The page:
THE Perfect Day !

Peter Roebuck’s account of this battle —–

THIS was a day to remember, a day upon which Brett Lee made a startling first appearance for his country and Sachin Tendulkar stood alone at the crease defying formidable odds, and with courage and skill keeping his wicket intact.

It was a glorious confrontation between old and new, mighty and promising, an expression of the great gifts of the game, the brilliance of batsmanship, the excitement of pace and the powers needed to reach the gods. Meanwhile, a superb leg-spinner bowled with artistry and cunning as he pursued his own landmark. It wasn’t a day to stay in bed. There haven’t been many better.

Lee was a revelation. Thrown the ball as samosa-time approached and showing not the slightest inhibition, Lee began by bursting through Sadagopan Ramesh’s loosely constructed defence with his fourth ball, whereupon the orange-topped paceman celebrated with undisguised joy. Probably he did not know that the previous Australian to strike with his fourth delivery was Fred Freer, later to make his name as a footballer with Carlton.

Recalled for a second spring-heeled spell from the pavilion end as the wind shifted around, Lee struck again as India’s first drop fiddled at a ball too fast to permit an opportunity to think again. It was a fine start by a young man prepared to be himself in this most intimidating arena. Already Lee had shown his spirit by losing his wicket as fast bowlers ought, swiping at something subtle and lifting it into the clouds. Immediately the crowd took him to its heart.

Soon Lee was rested. Throughout he resembled a colt running a few furlongs for the fun of it. Recalled to the crease in the gloaming, Lee responded with the fiercest spell of the match, an explosion of athleticism and endeavour that destroyed the Indian innings. First he broke through Mannava Prasad’s push with a fast inswinger that did not bother with such minor matters as bouncing and instead went straight to the stumps like some guided missile.

Seeing the wicket broken, the crowd roared. Lee is the sort of bowler popular in the public seats. He excites people with the incisiveness of his approach, with a vitality inevitably missing from more seasoned practitioners who’ve seen a thing or two and nowadays rely upon attrition and craft. Lee is not an innocent he comes from Wollongong way but he has the enthusiasm of youth. Also, his style is simple. He’s been blessed with pace, a most precious gift and not to be wasted upon timid souls.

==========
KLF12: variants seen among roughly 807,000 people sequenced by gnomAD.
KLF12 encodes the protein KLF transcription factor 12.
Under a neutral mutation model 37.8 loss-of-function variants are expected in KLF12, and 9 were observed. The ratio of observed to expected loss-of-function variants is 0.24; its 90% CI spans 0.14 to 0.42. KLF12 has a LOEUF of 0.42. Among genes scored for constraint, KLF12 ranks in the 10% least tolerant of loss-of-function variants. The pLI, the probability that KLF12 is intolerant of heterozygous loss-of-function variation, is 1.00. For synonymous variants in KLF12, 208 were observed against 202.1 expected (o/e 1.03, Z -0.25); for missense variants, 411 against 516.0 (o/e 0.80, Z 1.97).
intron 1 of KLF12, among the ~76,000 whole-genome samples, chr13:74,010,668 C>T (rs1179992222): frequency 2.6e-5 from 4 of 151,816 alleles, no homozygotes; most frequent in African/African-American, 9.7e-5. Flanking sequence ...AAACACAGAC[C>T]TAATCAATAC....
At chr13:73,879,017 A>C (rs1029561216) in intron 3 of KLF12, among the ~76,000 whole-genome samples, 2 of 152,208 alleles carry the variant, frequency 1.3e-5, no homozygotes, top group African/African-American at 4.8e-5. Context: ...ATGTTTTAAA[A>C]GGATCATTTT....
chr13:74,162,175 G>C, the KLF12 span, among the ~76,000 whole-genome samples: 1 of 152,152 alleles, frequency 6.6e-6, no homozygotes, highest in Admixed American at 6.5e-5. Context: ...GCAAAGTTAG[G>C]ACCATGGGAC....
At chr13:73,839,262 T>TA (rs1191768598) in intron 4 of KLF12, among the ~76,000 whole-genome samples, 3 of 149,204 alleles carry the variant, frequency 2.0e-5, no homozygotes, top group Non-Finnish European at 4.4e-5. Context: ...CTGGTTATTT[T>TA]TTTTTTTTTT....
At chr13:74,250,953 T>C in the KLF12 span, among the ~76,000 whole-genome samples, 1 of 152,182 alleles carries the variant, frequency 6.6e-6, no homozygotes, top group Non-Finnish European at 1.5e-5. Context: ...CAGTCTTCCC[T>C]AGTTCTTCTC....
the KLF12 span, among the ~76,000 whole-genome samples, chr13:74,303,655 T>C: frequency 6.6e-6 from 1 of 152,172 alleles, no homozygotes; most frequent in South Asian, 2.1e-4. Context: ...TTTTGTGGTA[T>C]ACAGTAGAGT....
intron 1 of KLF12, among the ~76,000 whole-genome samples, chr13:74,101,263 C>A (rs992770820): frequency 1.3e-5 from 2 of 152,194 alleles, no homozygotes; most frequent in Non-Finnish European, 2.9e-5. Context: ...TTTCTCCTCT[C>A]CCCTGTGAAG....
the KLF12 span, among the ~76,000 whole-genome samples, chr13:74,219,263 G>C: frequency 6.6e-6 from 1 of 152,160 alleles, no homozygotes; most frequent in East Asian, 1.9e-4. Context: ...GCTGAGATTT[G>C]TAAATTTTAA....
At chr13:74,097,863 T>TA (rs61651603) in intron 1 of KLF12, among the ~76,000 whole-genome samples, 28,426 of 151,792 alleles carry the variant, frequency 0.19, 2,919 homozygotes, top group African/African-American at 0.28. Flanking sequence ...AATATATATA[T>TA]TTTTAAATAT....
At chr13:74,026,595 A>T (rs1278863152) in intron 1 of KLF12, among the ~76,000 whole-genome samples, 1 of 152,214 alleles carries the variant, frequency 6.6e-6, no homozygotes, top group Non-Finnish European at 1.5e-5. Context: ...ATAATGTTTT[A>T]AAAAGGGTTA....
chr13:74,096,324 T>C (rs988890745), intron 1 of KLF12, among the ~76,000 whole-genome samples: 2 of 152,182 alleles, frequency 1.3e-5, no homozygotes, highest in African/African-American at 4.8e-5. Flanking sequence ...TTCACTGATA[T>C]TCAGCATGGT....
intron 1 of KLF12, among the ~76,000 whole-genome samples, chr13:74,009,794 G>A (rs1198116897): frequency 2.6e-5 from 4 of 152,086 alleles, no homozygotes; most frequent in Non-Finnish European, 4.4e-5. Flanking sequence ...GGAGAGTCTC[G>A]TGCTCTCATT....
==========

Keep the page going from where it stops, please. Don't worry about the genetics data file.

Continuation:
Lee struck again a couple of paragraphs later, removing Ajit Agarkar with another searing inswinger that crashed through the batsman’s defence in a manner that brooked no argument. Nor was that all.

Lee was smoking and promptly greeted Javagal Srinath with a flyer that the lugubrious paceman could not subdue. Immediately Anil Kumble was struck on the helmet by another lifting delivery from a man whose run-up was long and smooth and whose action seems natural and not affected by any kink.

As it turned out, Kumble had no intention of surrendering his wicket lightly.

sachin 116

Meanwhile, Tendulkar stood firm like St Paul’s Cathedral in the blitz. Any fool can score runs against tame bowling. Anyone can impress in easy circumstances. Like a true champion, Tendulkar rises in the tightest corners. He, too, had to keep an eye on Lee’s yorkers and took evasive action as the speedster flung down a bumper. It was a tremendous struggle between them, as the master craftsman fought tooth and nail while the gregarious youngster streamed in.

Tendulkar alone could resist the force of this fierce assault. He seemed to be playing in a different match from anyone else except Sourav Ganguly. Unaffected by the wickets tumbling around him, and realising the need to push the score along, Tendulkar moved from caution to aggression as he launched a breathtaking attack upon the bowling. Eight long years ago he appeared in this land as a teenager with superb skills and enough spirit to fuel an entire team. Now he has reappeared as a man bearing responsibility and carrying it lightly, for he does not allow any situation to be his master. When Tendulkar reached his hundred the entire crowd rose in acclamation. His dismissal brought the crowd to its feet a second time.

It had been the perfect day. The visiting champion had scored a century, and a new fast bowler had arrived upon the scene.